Chronic staff shortages in the NHS are getting worse, experts have warned, as new figures showed there were 10,000 more vacancies in June than a year ago.
This is up 23% from the 76,082 vacancies at the end of March and up 13% from the 83,203 recorded at the end of June last year.
It is the highest number of vacancies recorded since the end of December 2019.
The vacancy rate shows the number of full-time equivalent vacancies as a percentage of planned full-time workforce levels. It rose to 7.2% at the end of June, up from 6.6% at the same point last year.
Danny Mortimer, deputy chief executive of the NHS Confederation, said NHS employers were very concerned about the “relentless demand” being placed on their teams.
Mr Mortimer, who is also chief executive of NHS Employers, said there must be “significant and sustained” long-term investment in increasing health and social care staffing numbers in the upcoming spending review.
He added: “These figures paint a bleak picture: the NHS is still facing chronic workforce shortages, and they are getting worse, even with recent increases in staff numbers to cover areas such as the vaccination programme.
“Although overall headcount seems to be relatively stable, there is an alarming trend across the NHS of rising levels of vacancies, with the biggest issues in nursing, and especially in acute and mental health posts.
“These posts urgently need to be filled to make sure our communities receive the best care possible, and also to alleviate the strain our teams continue to face, against a backdrop of spiralling workloads and ever-growing backlogs of treatment.”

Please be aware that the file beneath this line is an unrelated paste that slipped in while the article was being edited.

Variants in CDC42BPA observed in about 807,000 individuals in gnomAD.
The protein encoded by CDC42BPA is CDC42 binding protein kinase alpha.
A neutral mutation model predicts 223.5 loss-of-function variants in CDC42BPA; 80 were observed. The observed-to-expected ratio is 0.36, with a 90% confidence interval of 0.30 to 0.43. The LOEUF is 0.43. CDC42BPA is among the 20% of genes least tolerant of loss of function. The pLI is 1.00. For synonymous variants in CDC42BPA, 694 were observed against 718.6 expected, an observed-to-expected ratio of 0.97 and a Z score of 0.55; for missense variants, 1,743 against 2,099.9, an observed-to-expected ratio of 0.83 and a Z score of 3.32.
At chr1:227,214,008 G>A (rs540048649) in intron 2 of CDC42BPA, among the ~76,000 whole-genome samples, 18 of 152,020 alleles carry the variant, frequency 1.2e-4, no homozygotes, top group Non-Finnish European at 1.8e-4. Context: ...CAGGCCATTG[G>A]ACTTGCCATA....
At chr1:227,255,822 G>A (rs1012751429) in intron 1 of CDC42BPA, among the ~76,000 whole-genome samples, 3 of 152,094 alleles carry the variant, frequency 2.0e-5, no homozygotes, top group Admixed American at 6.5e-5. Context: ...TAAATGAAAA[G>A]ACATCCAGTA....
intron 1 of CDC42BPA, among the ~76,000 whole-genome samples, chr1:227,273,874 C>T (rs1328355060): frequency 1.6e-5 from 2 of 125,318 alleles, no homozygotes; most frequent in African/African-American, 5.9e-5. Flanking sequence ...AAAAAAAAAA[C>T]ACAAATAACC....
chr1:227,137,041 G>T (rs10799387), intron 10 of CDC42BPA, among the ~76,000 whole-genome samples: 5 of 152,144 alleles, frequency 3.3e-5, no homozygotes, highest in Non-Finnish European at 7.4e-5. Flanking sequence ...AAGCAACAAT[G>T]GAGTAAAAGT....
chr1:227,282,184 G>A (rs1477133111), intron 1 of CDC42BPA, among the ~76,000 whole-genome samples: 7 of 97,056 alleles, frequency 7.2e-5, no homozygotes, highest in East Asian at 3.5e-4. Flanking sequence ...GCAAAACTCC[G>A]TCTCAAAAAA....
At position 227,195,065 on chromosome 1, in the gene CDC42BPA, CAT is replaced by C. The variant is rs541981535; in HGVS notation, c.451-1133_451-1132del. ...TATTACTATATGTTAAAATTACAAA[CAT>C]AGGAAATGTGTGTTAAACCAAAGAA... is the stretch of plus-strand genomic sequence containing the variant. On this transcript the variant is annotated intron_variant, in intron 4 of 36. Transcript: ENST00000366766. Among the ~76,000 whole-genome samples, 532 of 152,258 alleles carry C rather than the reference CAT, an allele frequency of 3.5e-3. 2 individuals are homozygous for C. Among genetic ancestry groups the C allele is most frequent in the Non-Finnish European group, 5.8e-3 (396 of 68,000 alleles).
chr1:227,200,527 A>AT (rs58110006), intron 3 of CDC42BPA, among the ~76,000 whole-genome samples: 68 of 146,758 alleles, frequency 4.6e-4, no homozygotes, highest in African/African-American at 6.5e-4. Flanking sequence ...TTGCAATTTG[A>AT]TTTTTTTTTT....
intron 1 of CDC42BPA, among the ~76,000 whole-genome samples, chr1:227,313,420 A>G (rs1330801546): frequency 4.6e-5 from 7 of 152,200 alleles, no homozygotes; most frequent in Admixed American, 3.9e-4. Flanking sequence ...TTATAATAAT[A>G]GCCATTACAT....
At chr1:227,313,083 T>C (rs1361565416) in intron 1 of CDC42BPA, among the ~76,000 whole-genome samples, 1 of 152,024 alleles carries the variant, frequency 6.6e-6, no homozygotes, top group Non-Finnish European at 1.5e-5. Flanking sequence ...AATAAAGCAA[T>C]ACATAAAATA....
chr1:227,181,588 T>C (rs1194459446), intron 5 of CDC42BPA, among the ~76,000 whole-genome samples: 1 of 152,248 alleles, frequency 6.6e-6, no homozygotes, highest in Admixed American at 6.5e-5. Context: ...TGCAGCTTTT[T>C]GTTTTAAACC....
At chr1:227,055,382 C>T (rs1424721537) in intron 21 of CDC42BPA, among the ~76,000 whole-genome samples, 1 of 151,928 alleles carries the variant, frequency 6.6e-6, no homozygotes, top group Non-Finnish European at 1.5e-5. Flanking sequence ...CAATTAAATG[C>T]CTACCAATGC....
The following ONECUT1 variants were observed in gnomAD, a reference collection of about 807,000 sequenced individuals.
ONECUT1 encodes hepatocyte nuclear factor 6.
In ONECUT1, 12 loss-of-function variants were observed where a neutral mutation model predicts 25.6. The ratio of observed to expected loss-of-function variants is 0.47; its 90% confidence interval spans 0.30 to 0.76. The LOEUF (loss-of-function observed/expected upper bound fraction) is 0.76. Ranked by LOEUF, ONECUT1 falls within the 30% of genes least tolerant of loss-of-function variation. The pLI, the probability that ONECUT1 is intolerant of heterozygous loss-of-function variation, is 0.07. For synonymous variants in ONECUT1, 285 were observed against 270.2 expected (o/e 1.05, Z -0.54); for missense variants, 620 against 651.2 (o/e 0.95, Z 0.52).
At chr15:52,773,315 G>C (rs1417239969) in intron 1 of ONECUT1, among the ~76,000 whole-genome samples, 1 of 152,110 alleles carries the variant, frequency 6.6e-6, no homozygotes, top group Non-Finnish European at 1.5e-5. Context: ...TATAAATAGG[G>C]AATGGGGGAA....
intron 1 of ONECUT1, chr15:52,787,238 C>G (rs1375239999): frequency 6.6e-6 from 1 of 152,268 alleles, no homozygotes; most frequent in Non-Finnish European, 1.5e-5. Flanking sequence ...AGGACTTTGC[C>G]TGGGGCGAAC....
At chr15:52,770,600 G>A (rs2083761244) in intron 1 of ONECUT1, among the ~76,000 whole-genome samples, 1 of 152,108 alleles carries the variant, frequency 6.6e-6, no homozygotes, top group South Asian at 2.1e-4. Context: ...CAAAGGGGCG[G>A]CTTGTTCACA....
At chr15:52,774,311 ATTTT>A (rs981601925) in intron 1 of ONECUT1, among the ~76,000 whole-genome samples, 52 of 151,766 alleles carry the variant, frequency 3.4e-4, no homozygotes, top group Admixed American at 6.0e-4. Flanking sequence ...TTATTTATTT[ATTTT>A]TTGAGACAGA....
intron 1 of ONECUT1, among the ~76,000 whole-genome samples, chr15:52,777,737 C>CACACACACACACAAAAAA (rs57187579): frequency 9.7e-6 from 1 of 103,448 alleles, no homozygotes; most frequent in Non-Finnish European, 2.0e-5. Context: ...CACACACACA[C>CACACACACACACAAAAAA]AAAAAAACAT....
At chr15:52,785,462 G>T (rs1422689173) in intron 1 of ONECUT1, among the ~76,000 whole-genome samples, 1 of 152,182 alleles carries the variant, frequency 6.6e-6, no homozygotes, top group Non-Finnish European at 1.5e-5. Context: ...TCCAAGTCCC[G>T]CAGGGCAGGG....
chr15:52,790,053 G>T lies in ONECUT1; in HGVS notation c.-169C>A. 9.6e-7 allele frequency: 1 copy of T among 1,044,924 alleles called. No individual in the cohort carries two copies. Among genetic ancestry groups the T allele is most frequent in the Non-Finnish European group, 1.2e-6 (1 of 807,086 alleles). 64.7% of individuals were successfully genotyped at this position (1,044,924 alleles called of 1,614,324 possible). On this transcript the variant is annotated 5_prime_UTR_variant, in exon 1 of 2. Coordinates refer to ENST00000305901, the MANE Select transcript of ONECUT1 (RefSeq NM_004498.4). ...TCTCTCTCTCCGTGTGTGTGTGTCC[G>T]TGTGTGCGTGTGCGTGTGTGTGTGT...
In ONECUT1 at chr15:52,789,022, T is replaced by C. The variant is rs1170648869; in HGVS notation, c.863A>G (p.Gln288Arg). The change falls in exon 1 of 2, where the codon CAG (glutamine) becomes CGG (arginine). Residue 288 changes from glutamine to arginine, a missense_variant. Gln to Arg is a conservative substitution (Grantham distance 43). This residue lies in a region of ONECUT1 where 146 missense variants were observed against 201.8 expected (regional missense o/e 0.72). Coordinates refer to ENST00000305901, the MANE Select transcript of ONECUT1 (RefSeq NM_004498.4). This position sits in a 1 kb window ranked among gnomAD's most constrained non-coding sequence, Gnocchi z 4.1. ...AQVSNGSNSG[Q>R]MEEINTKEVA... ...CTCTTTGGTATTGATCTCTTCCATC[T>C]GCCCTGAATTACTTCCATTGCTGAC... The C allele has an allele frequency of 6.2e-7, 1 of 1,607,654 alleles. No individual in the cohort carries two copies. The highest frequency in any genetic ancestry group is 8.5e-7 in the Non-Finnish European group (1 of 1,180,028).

The NHS Digital figures also show there were 38,952 full-time equivalent vacancies within registered nursing at the end of June 2021, up 12% from 34,678 at the end of March, and up 3% from the 37,760 at end of June last year.
However, the nursing vacancy rate at the end of June stayed at 10.3%, the same rate as June 2020. It also showed there were 9,691 full-time equivalent medical vacancies at the end of June, up 46% from the 6,634 recorded at the end of March and 20% higher than the 8,075 in June 2020.
The medical staff vacancy rate rose from 6% at the end of June 2020 to 7% at the end of June this year.
NHS Digital said that the data did not indicate where vacancies were filled by temporary staff.
Royal College of Nursing England director Patricia Marquis said: “As health and care services head into what will be a very difficult winter, this should stun ministers to address the rising number of nursing vacancies and prevent further risk to patient care.
“After the pressures from the last 18 months we also know that many experienced nurses are considering leaving the profession. These are skills that cannot be replaced quickly.
“Unless there is an urgent investment in the nursing workforce, starting with an increase in pay that reflects their skill and professionalism, and there is accountability for workforce planning at ministerial level, we will be dealing with the fallout for years to come.”